Interpret a sinusoidal function's period, amplitude, midline, and range in context.
Construct a trigonometric model based on data points and key features.
Quick Lesson Plan
This final lesson of the unit mirrors the very first lesson of the unit: interpreting (and now constructing) models of periodic phenomena. Students will use everything they have learned in this unit to generate a sinusoidal function that models the temperature outside of Karissa’s house. Before constructing the model, we ask them to identify and interpret key features of the scenario, which is a critical aspect of determining the parameters of the sinusoidal function. In question 1 they determine the amplitude and range of the function. In question 2 they sketch the function. Note that students may not get the concavity quite right when they are sketching at first. Some may sketch their entire graph concave down (resembling the “up bump” of a sinusoidal graph) rather than graphing the entire period of a cosine curve. We hope that by the time students construct the equation, they will automatically update their graph. In question 3 they interpret the average temperature of the day and connect this to the midline of the graph.
In question 4 they are asked to make sense of or interpret the model. Though students’ answers may vary, some might make the argument that it is unlikely that the highest temperature would happen at noon, as the hottest temperature of the day tends to be about 3 PM (depending on where you live!).
Question 8 has students think about what would happen in the next 24 hour period. Since the period is 24 hours, students should see that the exact same temperatures would be reached as on day 1; temperatures would start at the minimum of 70˚, rise to 90˚ and then fall down to 70˚ again. This is a nice review of what students learned at the beginning of the unit about periodic behavior.
Question 9 is a challenge! Since sine and cosine functions are just horizontal shifts of each other, we wanted to see if students could make the adjustments so that their graph was represented by a sine curve. Because the graph has both a horizontal stretch and a horizontal shift, determining the value of c can be tricky. However, substituting in a few values of t can help them validate their model.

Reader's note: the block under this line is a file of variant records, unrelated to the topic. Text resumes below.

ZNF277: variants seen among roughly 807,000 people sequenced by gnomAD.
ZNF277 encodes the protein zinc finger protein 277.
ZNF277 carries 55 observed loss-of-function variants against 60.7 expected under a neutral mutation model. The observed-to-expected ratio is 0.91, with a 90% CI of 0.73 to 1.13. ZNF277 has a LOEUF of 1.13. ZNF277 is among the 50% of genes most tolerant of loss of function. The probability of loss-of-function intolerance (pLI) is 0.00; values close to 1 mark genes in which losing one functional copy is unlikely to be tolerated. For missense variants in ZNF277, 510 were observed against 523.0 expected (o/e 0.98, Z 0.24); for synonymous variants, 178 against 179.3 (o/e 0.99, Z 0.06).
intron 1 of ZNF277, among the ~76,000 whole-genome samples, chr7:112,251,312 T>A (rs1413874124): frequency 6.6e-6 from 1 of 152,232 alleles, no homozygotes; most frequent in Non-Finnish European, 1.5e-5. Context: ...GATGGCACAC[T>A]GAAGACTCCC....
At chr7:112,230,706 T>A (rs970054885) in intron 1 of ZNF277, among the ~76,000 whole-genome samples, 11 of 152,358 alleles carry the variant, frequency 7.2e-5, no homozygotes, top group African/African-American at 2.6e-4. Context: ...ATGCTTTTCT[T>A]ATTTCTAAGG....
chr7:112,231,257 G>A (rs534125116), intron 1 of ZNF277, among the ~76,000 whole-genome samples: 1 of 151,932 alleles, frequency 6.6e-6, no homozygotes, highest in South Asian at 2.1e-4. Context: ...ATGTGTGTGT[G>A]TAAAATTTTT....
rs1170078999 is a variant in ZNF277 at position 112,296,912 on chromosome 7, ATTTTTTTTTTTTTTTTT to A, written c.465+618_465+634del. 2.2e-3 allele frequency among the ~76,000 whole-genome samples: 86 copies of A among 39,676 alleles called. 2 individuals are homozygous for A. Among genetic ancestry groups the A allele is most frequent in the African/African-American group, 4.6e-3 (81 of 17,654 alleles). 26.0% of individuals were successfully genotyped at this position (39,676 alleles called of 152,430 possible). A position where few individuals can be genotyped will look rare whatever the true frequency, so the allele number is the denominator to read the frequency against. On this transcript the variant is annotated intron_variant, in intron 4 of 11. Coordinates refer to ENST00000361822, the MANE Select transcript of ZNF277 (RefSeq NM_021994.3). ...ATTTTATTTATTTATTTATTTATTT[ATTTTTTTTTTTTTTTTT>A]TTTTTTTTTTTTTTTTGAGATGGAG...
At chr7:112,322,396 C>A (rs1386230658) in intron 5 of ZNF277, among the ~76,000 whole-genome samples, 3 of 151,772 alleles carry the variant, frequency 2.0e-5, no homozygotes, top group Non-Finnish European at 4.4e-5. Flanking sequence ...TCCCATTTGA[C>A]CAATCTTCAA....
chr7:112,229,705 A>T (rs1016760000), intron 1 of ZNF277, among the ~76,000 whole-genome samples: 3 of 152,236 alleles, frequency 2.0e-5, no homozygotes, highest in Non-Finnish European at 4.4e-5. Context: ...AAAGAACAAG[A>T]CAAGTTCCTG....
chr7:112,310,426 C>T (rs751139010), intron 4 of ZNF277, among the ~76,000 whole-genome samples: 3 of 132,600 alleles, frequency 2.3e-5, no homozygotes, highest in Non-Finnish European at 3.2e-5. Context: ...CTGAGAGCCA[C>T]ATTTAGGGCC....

Why is the range of this function relevant? How is this information used? (Think weather reports, predicting high and low temps)
Without any additional information or context, how can you tell if a graph represents the full cycle of the cosine curve or half the cycle of a sine curve?
How will you determine the value of b?
How did you know that the value of a would be negative?
Is it always possible to write a function model using either cosine or sine?
Students have already had practice identifying and interpreting the key features of a sinusoidal graph. The main goal of today’s lesson is to be able to use those key features to construct a function model. This requires finding the value of the parameters in y=asin(b(x-c))+d or y=acos(b(x-c))+d. Finding “a” and “d” is pretty simple for students, while “b” and “c” can be a bit trickier. We will often look at cases where c=0. Remind students that the same strategies they’ve used all year (solving a system of equations to determine parameter values, identifying transformations, etc.) can be used here as well! Often students will be able to determine the values of “a”, “b”, and “d” from the context or by calculating the period and then use an input-output pair to solve for c.
In the debrief take a few moments to talk about why a cosine function was chosen as the model (at least initially). Students should be able to articulate that functions that start at their max or min value are easily represented by a cosine function (or its reflection) and not require any horizontal shifts. Functions that start at their average value are easily represented by a sine function (or its reflection) without requiring any horizontal shifts. However, an equivalent model can always be found using the other function.
Question 8 gives you the opportunity to talk about restricted domains, tying back to what students learned in Lesson 3.4 about assumptions and limitations of a model. The sine and cosine functions are defined for all real numbers, but the constraints of a scenario may limit the values for which a particular function is valid. For example, the temperature function students construct in this lesson may be valid for the next day (24≤t≤48), but likely not for many days later.
When looking at modeling contexts for sinusoidal functions, make sure students have the opportunity to go backwards and forwards. They should be able to construct a model given key features of the scenario AND they should be able to determine key features of a scenario from a function model. The Check Your Understanding question gives students a chance to do the latter.